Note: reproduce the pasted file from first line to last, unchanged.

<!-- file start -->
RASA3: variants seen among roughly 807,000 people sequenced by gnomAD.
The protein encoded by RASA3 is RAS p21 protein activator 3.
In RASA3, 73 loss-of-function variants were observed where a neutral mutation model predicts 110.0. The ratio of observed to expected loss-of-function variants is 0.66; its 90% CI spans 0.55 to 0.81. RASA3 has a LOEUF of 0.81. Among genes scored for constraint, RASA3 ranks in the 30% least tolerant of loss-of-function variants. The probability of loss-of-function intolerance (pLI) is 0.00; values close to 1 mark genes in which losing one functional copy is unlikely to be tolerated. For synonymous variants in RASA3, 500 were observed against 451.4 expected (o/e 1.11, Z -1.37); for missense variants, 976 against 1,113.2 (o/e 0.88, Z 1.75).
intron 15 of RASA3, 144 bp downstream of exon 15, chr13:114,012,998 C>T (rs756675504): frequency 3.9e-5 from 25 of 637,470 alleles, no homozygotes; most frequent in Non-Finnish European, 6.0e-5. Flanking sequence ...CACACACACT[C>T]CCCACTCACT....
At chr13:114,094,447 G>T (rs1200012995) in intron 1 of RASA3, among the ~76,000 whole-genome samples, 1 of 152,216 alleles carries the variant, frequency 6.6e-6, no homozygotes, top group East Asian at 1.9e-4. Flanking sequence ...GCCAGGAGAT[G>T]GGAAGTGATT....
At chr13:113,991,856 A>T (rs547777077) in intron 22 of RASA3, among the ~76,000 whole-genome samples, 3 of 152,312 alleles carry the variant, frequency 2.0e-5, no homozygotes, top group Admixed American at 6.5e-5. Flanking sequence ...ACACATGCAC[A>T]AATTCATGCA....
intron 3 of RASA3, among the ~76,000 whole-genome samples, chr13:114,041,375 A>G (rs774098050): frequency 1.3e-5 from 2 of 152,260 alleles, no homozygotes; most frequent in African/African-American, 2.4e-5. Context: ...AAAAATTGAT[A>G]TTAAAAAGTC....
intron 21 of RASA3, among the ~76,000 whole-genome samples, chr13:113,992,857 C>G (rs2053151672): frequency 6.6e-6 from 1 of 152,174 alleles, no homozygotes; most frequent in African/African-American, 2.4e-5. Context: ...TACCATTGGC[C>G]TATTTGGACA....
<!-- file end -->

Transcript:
RASA3: variants seen among roughly 807,000 people sequenced by gnomAD.
The protein encoded by RASA3 is RAS p21 protein activator 3.
In RASA3, 73 loss-of-function variants were observed where a neutral mutation model predicts 110.0. The ratio of observed to expected loss-of-function variants is 0.66; its 90% CI spans 0.55 to 0.81. RASA3 has a LOEUF of 0.81. Among genes scored for constraint, RASA3 ranks in the 30% least tolerant of loss-of-function variants. The probability of loss-of-function intolerance (pLI) is 0.00; values close to 1 mark genes in which losing one functional copy is unlikely to be tolerated. For synonymous variants in RASA3, 500 were observed against 451.4 expected (o/e 1.11, Z -1.37); for missense variants, 976 against 1,113.2 (o/e 0.88, Z 1.75).
intron 15 of RASA3, 144 bp downstream of exon 15, chr13:114,012,998 C>T (rs756675504): frequency 3.9e-5 from 25 of 637,470 alleles, no homozygotes; most frequent in Non-Finnish European, 6.0e-5. Flanking sequence ...CACACACACT[C>T]CCCACTCACT....
At chr13:114,094,447 G>T (rs1200012995) in intron 1 of RASA3, among the ~76,000 whole-genome samples, 1 of 152,216 alleles carries the variant, frequency 6.6e-6, no homozygotes, top group East Asian at 1.9e-4. Flanking sequence ...GCCAGGAGAT[G>T]GGAAGTGATT....
At chr13:113,991,856 A>T (rs547777077) in intron 22 of RASA3, among the ~76,000 whole-genome samples, 3 of 152,312 alleles carry the variant, frequency 2.0e-5, no homozygotes, top group Admixed American at 6.5e-5. Flanking sequence ...ACACATGCAC[A>T]AATTCATGCA....
intron 3 of RASA3, among the ~76,000 whole-genome samples, chr13:114,041,375 A>G (rs774098050): frequency 1.3e-5 from 2 of 152,260 alleles, no homozygotes; most frequent in African/African-American, 2.4e-5. Context: ...AAAAATTGAT[A>G]TTAAAAAGTC....
intron 21 of RASA3, among the ~76,000 whole-genome samples, chr13:113,992,857 C>G (rs2053151672): frequency 6.6e-6 from 1 of 152,174 alleles, no homozygotes; most frequent in African/African-American, 2.4e-5. Context: ...TACCATTGGC[C>G]TATTTGGACA....